### Constructing quadratics

It is a fundamental fact that two points uniquely determine a line. That is, given two distinct points, there is one and only one line that passes through these points.

How many (distinct) non-collinear points in the plane are required to determine a parabola? The answer is three.

This idea may be expressed by the following theorem:

###### Theorem

If two quadratic functions \(f(x) = ax^2+bx+c\) and \(g(x)= Ax^2+Bx+C\) take the same value for three different values of \(x\), then \(f(x)=g(x)\) for all values of \(x\).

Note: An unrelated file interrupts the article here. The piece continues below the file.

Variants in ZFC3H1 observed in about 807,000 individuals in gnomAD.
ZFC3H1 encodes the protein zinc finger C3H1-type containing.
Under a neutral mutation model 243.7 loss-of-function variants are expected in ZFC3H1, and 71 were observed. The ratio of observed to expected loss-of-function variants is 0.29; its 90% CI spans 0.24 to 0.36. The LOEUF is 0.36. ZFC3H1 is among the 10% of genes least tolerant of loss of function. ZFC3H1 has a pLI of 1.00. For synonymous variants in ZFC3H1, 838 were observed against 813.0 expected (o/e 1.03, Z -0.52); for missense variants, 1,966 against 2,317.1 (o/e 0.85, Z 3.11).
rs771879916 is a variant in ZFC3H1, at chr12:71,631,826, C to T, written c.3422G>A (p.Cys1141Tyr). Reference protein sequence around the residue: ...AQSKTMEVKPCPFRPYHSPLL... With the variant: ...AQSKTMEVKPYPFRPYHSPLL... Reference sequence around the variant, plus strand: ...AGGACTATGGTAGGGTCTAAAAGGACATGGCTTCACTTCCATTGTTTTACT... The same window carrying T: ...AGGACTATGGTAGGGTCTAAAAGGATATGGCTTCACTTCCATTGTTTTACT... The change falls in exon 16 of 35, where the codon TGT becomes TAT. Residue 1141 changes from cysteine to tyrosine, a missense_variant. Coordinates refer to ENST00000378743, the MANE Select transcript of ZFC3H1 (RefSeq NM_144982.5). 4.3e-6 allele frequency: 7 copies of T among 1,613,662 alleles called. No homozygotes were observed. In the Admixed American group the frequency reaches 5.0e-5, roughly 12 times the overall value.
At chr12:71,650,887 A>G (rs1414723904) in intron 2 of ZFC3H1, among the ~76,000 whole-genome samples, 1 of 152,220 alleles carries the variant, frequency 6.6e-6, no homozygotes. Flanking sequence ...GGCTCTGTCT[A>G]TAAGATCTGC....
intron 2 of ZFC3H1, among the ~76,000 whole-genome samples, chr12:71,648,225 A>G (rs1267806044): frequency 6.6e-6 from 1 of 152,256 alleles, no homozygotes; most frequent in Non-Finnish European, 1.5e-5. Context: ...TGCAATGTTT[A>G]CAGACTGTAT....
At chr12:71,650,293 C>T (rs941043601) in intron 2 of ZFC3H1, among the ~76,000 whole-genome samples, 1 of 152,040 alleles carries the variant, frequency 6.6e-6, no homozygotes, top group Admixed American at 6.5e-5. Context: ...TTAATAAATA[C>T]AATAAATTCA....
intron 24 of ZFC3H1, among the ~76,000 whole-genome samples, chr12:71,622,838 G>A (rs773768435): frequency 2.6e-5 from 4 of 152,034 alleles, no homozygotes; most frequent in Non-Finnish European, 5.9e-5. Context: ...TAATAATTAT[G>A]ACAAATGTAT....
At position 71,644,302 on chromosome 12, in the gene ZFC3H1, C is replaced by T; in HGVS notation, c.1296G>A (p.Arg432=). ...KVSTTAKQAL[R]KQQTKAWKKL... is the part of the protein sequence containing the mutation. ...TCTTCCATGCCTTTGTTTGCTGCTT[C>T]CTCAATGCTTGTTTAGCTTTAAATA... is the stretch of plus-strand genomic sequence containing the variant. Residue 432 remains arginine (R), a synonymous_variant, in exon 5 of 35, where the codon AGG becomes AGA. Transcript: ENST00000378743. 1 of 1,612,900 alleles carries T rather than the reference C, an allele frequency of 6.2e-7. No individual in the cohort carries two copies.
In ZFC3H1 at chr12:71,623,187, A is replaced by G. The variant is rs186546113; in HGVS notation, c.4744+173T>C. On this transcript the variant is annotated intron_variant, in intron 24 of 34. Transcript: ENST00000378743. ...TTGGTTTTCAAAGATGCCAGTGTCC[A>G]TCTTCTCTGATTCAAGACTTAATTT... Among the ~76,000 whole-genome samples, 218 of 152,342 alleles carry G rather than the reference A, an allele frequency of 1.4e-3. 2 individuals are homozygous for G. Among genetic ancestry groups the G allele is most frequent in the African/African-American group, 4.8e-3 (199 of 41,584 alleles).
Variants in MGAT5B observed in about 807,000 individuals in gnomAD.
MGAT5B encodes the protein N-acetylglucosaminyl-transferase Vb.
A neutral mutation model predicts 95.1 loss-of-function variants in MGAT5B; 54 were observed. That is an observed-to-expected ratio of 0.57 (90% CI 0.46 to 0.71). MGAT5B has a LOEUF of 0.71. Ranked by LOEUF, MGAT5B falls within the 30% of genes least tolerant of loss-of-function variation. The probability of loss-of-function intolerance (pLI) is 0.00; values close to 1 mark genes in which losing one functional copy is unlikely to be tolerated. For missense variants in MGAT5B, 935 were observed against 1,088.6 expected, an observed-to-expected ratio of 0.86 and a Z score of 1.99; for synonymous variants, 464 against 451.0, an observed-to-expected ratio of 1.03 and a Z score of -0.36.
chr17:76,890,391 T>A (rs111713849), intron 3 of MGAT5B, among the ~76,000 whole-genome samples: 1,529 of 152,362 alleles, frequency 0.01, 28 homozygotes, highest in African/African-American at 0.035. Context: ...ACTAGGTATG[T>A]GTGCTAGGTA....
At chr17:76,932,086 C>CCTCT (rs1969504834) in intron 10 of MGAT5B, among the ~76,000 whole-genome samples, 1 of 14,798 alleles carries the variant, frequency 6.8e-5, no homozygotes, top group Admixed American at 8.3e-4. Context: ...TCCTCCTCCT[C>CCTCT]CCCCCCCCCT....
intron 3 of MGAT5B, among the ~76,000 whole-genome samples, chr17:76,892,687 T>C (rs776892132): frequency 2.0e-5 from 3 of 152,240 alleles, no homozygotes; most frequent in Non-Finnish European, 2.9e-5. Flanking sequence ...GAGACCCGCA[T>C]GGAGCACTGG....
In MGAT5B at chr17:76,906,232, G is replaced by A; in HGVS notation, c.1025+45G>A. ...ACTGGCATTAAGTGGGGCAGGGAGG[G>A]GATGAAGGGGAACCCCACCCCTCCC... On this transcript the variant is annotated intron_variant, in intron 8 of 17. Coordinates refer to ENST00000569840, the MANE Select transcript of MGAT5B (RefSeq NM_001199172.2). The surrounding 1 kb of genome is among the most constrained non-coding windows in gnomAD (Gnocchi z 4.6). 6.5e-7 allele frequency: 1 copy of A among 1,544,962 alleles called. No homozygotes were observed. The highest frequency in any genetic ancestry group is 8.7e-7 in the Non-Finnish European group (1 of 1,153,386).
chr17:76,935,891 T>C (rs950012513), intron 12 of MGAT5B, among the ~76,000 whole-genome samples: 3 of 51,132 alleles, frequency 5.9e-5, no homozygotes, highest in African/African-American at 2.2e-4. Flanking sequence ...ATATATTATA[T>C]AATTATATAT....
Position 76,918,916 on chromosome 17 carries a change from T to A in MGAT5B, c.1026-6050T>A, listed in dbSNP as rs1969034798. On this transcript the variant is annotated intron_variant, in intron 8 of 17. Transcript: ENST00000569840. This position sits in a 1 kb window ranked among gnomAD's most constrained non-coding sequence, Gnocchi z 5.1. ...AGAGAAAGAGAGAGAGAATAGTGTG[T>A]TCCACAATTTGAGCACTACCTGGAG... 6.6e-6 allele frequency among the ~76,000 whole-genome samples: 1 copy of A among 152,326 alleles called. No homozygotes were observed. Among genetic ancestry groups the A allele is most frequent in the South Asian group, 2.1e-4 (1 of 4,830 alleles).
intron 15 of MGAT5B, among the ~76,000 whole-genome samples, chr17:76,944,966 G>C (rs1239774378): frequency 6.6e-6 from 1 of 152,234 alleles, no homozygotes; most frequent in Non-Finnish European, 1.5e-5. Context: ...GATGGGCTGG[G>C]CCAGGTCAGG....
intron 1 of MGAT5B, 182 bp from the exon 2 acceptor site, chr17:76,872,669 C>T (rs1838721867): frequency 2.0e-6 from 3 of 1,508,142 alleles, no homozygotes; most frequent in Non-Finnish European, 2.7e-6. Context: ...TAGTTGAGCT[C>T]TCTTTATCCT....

###### Proof

We start by observing that a quadratic equation can have at most two solutions. Hence, if the quadratic equation \(dx^2+ex+f=0\) has more than two solutions, then \(d=e=f=0\).

Now, if \(f(x)\) and \(g(x)\) agree for \(x=\alpha\), \(x=\beta\) and \(x=\gamma\), then

\[ f(x)-g(x) = (a-A)x^2+(b-B)x+(c-C)=0 \]when \(x= \alpha\), \(x=\beta\) and \(x=\gamma\). In that case, the quadratic equation above has three different solutions and so the coefficients are 0. Thus, \(a=A\), \(b=B\) and \(c=C\), and so \(f(x)=g(x)\) as claimed. \(\Box\)

#### Example

Find the equation of the quadratic function whose graph passes through \((-1, 2)\), \((0,3)\) and \((1,6)\).

#### Solution

Suppose the equation is \(y=ax^2+bx+c\). Substituting the coordinates of the three points, we have

\[ 2=a-b+c, \qquad 3=c, \qquad 6=a+b+c. \]Thus, \(c=3\) and so \(a-b=-1\) and \(a+b=3\). Therefore \(a=1\) and \(b=2\).

Hence the function is \(y=x^2+2x+3\).